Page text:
Indiana General Assembly poised to pass constitutional carry legislation
The bill would allow anyone age 18 and older in Indiana to carry a loaded handgun outside their home without having to get a state license.
The constitutional carry bill that has been hotly debated this year in Indiana is expected to pass the Indiana General Assembly this week.
“What we’re hearing is it’s going to happen [Tuesday],” Will Fite of Hoosier Gun Rights said. “There’s a large section of the Senate caucus that wants to get it done.”
The bill would allow anyone age 18 and older in Indiana to carry a loaded handgun outside their home without having to get a license from the state; anyone who is not otherwise prohibited from owning a gun.
The bill would include open and concealed carry, as Indiana law does not distinguish between the two, and would allow someone to carry a loaded handgun on their person – such as in a holster, pocket or bag, except where prohibited – or in their vehicle.
Twenty-two states have constitutional carry, so called because, as supporters describe it, it would restore the right of Americans to bear arms – a right that is outlined in the Second Amendment to the U.S. Constitution.
A constitutional carry bill passed the Indiana House last year for the first time, but it was held up in the Senate after Judiciary Committee Chair Liz Brown, R-Fort Wayne, declined to schedule a hearing on it.
The bill passed the House again this year and appeared to get hung up again in the Senate.
After a nine-hour hearing Feb. 23 before the Senate Judiciary Committee, it was amended to require a license to carry a handgun in Indiana but allow people to carry for up to 90 days while their application for a license was pending.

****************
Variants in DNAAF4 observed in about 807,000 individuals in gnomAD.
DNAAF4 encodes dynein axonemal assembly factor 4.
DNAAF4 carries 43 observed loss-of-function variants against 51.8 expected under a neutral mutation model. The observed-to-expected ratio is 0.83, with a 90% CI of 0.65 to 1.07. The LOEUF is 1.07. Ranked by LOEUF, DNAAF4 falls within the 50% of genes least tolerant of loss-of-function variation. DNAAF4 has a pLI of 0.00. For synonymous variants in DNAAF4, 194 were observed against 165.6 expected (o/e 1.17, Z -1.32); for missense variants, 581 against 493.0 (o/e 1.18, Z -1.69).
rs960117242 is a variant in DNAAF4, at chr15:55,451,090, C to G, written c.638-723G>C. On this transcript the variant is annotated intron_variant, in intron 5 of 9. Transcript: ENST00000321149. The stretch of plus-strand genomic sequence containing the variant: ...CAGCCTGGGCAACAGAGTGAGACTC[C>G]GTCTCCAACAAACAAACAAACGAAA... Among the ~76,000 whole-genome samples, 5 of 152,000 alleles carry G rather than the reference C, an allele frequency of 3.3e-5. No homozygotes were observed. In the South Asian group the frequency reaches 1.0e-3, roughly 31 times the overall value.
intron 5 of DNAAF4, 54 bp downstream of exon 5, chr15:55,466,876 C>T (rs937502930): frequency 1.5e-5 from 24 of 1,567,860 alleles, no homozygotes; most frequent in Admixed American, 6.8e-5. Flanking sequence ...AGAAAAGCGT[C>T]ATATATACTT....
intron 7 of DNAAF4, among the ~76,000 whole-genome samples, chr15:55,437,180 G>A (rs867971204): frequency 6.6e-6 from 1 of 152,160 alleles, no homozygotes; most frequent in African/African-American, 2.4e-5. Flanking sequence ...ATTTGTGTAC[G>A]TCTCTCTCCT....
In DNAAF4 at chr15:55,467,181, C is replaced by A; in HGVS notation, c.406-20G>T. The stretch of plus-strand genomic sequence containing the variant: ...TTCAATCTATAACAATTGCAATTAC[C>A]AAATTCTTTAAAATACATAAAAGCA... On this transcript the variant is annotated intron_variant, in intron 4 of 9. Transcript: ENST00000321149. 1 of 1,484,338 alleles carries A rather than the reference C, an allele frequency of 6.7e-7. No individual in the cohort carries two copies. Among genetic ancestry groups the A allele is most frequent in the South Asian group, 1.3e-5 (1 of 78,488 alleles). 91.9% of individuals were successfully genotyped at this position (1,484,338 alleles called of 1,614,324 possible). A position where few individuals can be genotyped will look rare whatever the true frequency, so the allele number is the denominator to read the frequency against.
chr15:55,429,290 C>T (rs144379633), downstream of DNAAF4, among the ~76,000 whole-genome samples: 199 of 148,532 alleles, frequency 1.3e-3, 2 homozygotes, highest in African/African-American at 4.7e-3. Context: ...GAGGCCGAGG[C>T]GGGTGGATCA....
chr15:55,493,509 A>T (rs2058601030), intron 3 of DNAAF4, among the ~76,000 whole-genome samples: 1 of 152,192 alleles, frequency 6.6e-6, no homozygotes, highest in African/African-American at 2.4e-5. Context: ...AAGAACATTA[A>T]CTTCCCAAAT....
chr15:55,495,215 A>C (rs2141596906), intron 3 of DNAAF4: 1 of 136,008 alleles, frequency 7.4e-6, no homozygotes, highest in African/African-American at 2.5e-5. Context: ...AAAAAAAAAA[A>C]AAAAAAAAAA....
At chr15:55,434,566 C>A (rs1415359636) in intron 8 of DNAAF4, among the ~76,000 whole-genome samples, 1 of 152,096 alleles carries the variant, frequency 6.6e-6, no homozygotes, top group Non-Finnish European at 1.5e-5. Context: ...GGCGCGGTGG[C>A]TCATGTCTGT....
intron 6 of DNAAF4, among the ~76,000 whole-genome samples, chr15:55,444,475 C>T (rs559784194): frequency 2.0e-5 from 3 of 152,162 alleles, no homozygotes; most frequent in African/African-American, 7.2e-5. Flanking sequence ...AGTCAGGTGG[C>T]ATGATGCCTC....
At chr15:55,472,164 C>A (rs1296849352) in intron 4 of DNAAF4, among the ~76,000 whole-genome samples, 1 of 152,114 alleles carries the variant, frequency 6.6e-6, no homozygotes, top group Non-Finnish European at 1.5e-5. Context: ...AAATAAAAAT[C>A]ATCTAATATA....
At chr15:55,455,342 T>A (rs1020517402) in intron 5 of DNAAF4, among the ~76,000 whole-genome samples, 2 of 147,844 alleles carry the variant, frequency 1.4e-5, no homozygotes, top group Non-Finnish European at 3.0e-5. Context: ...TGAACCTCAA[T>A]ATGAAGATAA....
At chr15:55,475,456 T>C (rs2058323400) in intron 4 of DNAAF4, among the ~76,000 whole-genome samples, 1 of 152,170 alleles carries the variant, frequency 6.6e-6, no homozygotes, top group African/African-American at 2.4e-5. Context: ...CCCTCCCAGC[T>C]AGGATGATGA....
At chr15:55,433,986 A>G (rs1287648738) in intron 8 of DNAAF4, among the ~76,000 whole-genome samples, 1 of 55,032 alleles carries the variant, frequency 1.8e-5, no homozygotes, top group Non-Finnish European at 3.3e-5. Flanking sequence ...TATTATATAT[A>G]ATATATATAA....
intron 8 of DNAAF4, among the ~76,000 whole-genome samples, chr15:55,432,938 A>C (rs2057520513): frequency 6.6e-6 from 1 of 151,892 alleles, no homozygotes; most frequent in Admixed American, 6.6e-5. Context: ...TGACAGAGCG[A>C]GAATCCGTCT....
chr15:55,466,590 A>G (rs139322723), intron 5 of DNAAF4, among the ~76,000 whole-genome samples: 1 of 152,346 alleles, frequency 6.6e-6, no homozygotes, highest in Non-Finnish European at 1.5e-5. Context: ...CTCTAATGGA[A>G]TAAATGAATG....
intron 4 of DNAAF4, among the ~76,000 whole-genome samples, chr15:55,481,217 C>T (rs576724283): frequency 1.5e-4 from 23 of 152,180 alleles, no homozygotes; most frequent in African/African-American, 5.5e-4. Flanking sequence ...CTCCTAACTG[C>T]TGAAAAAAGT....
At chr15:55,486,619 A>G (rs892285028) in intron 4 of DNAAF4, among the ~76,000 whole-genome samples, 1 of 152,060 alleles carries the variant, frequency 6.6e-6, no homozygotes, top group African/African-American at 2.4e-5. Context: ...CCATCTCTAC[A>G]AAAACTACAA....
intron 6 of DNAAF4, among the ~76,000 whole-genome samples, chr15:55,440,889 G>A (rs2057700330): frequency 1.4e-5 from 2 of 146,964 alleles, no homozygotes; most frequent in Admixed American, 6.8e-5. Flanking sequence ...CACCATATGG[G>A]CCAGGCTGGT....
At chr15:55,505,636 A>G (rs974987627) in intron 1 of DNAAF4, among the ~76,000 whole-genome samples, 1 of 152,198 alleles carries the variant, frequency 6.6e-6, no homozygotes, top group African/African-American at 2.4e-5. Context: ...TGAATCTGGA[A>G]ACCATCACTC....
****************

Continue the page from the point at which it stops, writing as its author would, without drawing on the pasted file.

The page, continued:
Those changes were not approved by the full Senate.
“That was not the will of the caucus,” said Fite, referring to the amendment to the bill to keep the license requirement. “What we’re being told is the will of the caucus was defied.”
The Republican caucus includes the 39 Republican senators who meet privately and decide which policies and bill they will support each session.
The constitutional carry language was instead pulled into another bill and discussed by legislators in recent days in a conference committee.
Gov. Eric Holcomb told reporters last week he supported the superintendent of Indiana State Police, who testified in opposition to constitutional carry at the Feb. 23 hearing, but declined to say whether he would sign constitutional carry into law.
“We are cautiously optimistic he’ll sign it,” Fite said Monday. “We don’t really know. The governor is an interesting beast.”
The constitutional carry bill has pitted conservative Republicans in Indiana who tend to defend gun rights against more moderate Republicans, who often support restrictions on gun ownership.
At the second hearing on the bill before the Senate Judiciary Committee, the author, Rep. Ben Smaltz, R-Auburn, said the bill “levels the playing field” between home and street, allowing Hoosiers to be able to protect themselves outside the home as they would inside their homes.
“House Bill 1077 gets us to a place where the law-abiding citizen is not required to go through a process of asking permission, submitting to government investigation, supplying their fingerprints to enjoy a right that is constitutional at the federal level and constitutional at the state level,” he told senators.
The bill would not do away with the handgun licensing process in Indiana, which is run by the state police. More than 1 million Hoosiers now have a license to carry, and those licenses would remain active even after the bill passes. People still would be able to apply for a license to take advantage of reciprocity agreements Indiana has with other states or to be able to quickly provide proof they are legally allowed to carry.
The ability to carry a handgun without a license would apply to those who are not prohibited from owning a gun under state law. The bill also would create a new crime of "unlawful carry of a handgun" and would make theft of a handgun a Level 5 felony.
It was co-authored in the House by Rep. Matt Lehman, R-Berne, and Rep. Jim Lucas, R-Seymour.
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